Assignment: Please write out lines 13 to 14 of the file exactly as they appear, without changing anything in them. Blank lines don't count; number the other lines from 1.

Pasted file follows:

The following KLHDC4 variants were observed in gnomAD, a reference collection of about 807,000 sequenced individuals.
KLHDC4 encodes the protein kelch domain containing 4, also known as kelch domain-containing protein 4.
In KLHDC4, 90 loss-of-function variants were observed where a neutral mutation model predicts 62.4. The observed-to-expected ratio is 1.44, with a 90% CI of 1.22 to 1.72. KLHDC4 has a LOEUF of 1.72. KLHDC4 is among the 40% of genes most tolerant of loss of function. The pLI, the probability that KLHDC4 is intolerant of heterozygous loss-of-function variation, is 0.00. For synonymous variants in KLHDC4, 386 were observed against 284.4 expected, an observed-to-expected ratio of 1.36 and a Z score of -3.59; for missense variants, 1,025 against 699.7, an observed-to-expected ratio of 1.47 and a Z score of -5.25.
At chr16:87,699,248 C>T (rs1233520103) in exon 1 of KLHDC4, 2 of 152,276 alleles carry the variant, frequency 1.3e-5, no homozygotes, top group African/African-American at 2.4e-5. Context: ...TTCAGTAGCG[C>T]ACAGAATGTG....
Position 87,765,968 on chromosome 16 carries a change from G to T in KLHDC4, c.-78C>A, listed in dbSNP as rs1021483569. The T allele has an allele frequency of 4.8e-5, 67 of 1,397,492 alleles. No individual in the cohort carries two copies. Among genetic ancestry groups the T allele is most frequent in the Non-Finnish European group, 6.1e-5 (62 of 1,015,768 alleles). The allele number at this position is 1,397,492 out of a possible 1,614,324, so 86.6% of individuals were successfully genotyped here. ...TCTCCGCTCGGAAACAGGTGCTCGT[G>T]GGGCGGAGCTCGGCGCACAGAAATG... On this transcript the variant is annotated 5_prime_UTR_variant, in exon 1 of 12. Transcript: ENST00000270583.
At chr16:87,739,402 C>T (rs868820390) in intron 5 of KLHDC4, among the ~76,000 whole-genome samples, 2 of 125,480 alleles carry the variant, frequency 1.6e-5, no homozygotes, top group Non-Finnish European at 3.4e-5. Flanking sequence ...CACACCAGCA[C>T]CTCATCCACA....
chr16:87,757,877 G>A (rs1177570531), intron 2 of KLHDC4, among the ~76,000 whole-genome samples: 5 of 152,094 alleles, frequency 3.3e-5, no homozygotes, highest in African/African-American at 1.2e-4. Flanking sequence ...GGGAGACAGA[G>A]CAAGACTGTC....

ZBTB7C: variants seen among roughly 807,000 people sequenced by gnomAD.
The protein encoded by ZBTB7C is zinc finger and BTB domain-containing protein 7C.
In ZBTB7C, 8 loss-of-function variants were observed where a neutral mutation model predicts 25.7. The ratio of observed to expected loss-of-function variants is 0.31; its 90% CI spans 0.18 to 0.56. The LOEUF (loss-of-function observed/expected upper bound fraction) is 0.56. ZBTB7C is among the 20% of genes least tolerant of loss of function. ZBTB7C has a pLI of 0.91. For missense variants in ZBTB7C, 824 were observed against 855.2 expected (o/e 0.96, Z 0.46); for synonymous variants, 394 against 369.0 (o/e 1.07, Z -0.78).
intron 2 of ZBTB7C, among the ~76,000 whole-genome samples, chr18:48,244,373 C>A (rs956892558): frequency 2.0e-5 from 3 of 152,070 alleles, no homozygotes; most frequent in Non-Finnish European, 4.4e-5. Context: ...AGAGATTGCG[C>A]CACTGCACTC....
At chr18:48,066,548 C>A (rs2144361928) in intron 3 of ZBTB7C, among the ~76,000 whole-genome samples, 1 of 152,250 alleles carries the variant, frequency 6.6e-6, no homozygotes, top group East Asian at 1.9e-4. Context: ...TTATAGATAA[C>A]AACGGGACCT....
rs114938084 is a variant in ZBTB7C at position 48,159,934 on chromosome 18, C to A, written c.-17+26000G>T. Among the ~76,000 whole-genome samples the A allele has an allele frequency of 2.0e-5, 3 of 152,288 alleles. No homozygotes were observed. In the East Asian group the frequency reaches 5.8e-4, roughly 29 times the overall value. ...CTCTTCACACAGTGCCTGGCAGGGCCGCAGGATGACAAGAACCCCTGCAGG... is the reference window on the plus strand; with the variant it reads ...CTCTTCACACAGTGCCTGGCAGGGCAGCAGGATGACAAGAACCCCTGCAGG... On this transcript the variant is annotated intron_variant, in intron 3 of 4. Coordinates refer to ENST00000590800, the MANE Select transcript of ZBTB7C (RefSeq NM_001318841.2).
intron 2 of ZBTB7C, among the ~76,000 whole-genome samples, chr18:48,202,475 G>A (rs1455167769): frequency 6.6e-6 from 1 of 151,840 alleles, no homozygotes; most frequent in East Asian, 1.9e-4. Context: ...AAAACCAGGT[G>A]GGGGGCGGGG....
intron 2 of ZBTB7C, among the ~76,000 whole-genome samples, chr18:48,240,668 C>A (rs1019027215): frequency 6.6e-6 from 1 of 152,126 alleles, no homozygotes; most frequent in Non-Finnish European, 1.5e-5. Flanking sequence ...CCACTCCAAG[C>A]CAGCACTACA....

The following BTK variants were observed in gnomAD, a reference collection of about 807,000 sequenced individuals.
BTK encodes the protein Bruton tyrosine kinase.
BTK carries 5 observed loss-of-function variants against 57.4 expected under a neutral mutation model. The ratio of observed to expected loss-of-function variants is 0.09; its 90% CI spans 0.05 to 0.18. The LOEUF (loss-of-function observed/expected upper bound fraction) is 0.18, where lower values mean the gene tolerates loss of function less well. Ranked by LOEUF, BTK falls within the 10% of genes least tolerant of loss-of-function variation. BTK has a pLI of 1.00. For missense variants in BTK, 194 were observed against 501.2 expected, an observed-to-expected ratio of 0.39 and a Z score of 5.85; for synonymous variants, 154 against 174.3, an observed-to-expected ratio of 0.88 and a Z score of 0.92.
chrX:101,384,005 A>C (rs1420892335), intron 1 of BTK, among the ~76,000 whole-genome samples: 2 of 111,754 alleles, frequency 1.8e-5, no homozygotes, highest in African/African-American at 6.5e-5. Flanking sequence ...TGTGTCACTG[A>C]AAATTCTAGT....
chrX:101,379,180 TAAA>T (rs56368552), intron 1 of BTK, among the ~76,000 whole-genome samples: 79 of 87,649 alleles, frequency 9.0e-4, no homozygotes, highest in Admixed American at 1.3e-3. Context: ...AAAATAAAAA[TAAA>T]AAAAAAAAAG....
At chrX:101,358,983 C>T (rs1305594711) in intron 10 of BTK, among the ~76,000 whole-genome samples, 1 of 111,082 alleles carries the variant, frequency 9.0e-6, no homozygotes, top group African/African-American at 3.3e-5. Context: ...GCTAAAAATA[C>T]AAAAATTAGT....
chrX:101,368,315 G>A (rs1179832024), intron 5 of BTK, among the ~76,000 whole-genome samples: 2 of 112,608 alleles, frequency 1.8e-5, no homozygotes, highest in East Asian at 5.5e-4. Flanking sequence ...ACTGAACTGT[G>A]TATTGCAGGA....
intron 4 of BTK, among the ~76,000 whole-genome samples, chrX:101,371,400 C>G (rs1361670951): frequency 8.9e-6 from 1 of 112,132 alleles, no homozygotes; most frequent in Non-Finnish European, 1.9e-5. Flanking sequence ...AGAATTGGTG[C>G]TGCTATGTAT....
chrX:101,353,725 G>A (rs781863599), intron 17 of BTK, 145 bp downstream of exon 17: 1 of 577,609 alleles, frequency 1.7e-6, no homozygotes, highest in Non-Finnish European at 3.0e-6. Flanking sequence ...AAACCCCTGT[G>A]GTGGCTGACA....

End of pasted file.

rs114938084 is a variant in ZBTB7C at position 48,159,934 on chromosome 18, C to A, written c.-17+26000G>T. Among the ~76,000 whole-genome samples the A allele has an allele frequency of 2.0e-5, 3 of 152,288 alleles. No homozygotes were observed. In the East Asian group the frequency reaches 5.8e-4, roughly 29 times the overall value. ...CTCTTCACACAGTGCCTGGCAGGGCCGCAGGATGACAAGAACCCCTGCAGG... is the reference window on the plus strand; with the variant it reads ...CTCTTCACACAGTGCCTGGCAGGGCAGCAGGATGACAAGAACCCCTGCAGG... On this transcript the variant is annotated intron_variant, in intron 3 of 4. Coordinates refer to ENST00000590800, the MANE Select transcript of ZBTB7C (RefSeq NM_001318841.2).
intron 2 of ZBTB7C, among the ~76,000 whole-genome samples, chr18:48,202,475 G>A (rs1455167769): frequency 6.6e-6 from 1 of 151,840 alleles, no homozygotes; most frequent in East Asian, 1.9e-4. Context: ...AAAACCAGGT[G>A]GGGGGCGGGG....